Sifted: How is the war in Ukraine affecting the country’s tech workers?

In normal times, Vadim Lobarev would spend his day sifting through job candidates’ CVs, filtering out the best from the worst. Today he’s stationed at a Ukrainian military checkpoint, rifle in hand, trying to filter out harmless, civilian passers by from Russian informants who might be sending intelligence to the country’s invaders.

The 41-year-old is the founder of Kyiv-based tech recruitment company Mindhunt, but now he’s put down his laptop to take up arms for his country’s Territorial Defence unit.

Since Russia invaded Ukraine on February 24, the Ukrainian government has appealed to its citizens to join the defence effort, and many from the country’s growing tech community have answered the call.

  • Vadim Lobarev, founder of recruitment company MindHunt, has stopped sifting through job applications and instead taken up arms for the Territorial Defence unit.
  • Meanwhile Daria Aleksieieva, marketing manager at no-code startup Popup, is now making more Molotov cocktails than coffees.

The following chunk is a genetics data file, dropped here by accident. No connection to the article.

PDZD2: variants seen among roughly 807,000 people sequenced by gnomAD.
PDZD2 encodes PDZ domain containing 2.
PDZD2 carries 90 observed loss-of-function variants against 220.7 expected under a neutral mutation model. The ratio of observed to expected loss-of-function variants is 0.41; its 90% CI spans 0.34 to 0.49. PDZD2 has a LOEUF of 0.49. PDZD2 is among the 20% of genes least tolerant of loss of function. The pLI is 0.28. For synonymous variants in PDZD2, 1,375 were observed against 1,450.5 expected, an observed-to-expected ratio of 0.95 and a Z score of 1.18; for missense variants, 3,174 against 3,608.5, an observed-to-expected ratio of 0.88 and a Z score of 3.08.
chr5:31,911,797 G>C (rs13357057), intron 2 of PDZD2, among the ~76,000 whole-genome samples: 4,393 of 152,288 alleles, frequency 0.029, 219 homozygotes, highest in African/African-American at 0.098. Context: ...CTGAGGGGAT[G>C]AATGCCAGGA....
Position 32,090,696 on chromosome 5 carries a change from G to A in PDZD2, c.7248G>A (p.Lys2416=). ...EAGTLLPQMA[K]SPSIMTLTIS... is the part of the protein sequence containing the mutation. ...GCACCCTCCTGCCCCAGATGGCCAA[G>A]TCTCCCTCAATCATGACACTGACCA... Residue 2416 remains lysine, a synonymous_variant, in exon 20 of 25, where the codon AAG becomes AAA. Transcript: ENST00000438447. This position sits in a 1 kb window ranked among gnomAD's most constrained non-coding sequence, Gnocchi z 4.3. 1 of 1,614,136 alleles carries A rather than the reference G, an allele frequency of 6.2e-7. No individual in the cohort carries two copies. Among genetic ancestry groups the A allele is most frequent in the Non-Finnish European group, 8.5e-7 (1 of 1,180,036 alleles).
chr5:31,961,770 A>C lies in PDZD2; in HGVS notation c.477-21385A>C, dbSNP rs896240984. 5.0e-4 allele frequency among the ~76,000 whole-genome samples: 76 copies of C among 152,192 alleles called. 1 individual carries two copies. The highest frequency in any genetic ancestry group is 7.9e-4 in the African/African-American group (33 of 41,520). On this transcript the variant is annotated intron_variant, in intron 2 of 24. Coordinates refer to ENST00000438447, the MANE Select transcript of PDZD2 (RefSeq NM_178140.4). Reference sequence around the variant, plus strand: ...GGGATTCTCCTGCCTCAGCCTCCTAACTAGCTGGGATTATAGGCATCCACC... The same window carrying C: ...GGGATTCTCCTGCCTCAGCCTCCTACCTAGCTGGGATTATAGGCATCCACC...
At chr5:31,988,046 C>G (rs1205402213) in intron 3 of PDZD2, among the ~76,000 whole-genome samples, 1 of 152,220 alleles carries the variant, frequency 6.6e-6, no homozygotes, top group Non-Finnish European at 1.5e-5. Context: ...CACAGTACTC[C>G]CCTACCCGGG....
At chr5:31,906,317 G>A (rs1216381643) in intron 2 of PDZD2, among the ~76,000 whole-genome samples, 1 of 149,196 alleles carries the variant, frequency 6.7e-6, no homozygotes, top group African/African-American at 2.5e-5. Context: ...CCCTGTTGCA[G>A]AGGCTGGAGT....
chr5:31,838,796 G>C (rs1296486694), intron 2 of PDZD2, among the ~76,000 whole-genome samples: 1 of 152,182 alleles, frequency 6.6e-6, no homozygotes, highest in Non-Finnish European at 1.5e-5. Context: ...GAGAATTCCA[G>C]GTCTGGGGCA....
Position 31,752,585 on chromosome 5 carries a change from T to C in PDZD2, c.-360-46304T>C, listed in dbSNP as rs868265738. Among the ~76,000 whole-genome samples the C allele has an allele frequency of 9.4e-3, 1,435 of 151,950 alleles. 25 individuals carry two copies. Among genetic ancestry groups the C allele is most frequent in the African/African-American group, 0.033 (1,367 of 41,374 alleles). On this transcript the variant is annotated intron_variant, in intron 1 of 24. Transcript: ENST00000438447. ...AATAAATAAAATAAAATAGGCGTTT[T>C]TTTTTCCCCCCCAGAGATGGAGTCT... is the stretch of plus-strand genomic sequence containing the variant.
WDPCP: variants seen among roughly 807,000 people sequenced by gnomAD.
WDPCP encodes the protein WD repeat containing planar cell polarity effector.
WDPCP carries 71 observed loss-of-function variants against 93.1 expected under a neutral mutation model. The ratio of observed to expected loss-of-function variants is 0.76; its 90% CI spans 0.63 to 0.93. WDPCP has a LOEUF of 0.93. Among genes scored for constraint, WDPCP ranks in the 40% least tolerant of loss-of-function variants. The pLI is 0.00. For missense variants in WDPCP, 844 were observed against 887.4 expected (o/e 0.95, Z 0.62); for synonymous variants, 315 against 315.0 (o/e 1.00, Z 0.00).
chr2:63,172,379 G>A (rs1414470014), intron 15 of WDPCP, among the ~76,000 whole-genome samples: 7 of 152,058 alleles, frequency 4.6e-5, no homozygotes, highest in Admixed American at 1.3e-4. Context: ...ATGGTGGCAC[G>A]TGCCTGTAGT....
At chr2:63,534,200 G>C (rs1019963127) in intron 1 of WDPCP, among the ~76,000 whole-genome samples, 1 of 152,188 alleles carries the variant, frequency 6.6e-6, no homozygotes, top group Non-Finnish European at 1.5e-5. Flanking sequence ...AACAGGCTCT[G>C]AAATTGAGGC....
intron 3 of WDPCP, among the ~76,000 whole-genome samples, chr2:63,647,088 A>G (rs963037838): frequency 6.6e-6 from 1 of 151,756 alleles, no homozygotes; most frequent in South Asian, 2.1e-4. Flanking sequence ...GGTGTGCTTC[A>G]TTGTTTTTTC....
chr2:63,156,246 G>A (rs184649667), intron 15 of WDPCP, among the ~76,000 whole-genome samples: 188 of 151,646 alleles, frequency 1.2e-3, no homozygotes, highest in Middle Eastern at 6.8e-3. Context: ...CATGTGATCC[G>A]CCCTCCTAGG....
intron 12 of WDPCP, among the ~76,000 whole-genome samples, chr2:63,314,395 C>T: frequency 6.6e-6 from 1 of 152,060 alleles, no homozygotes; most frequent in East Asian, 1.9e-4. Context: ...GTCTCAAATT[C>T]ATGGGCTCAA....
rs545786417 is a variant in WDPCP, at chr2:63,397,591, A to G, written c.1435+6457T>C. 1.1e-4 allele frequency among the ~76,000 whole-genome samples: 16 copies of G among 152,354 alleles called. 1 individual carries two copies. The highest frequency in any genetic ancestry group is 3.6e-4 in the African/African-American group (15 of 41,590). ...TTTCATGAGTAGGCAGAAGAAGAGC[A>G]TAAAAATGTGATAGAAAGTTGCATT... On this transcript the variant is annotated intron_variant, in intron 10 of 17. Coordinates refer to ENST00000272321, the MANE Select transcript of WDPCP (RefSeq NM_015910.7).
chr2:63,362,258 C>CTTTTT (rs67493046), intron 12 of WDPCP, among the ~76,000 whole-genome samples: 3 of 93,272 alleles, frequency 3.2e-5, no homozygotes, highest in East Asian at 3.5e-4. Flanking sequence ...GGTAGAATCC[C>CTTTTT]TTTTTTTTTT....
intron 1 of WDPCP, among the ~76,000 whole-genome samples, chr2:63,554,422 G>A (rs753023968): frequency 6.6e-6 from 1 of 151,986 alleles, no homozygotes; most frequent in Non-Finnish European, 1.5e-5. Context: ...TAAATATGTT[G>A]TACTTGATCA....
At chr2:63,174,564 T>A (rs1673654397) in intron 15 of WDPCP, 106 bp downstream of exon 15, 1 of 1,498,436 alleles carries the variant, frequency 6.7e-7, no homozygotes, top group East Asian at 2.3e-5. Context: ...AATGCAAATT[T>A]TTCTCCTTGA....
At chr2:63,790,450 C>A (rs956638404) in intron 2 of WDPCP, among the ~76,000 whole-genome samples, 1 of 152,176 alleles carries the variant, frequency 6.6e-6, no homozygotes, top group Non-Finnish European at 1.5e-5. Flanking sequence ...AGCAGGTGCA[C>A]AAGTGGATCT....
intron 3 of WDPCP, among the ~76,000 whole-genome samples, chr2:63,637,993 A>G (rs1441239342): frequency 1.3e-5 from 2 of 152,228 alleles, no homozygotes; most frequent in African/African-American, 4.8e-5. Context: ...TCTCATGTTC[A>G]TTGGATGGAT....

This is now daily life for thousands of Ukrainian tech workers. Tim Smith and Éanna Kelly spoke to them to find out how they’re coping – read the stories via Sifted



Ukrainian entrepreneurs donate to the military-1
Support Ukraine!
Come Back Alive is one of the largest charitable foundations that supports Ukrainian soldiers, founded by the IT specialist Vitaliy Deynega. The organization collected more than 210 million UAH (more than $7M) in 2014. According to Na chasi, the Patreon page Come Back Alive is in the top ten projects by the number of financial donations.


There are several other organizations to support:

  • Army SOS, which develops drones;
  • Everybody Can, an organization that supports internally displaced people;
  • Help on the Ministry of Defense website.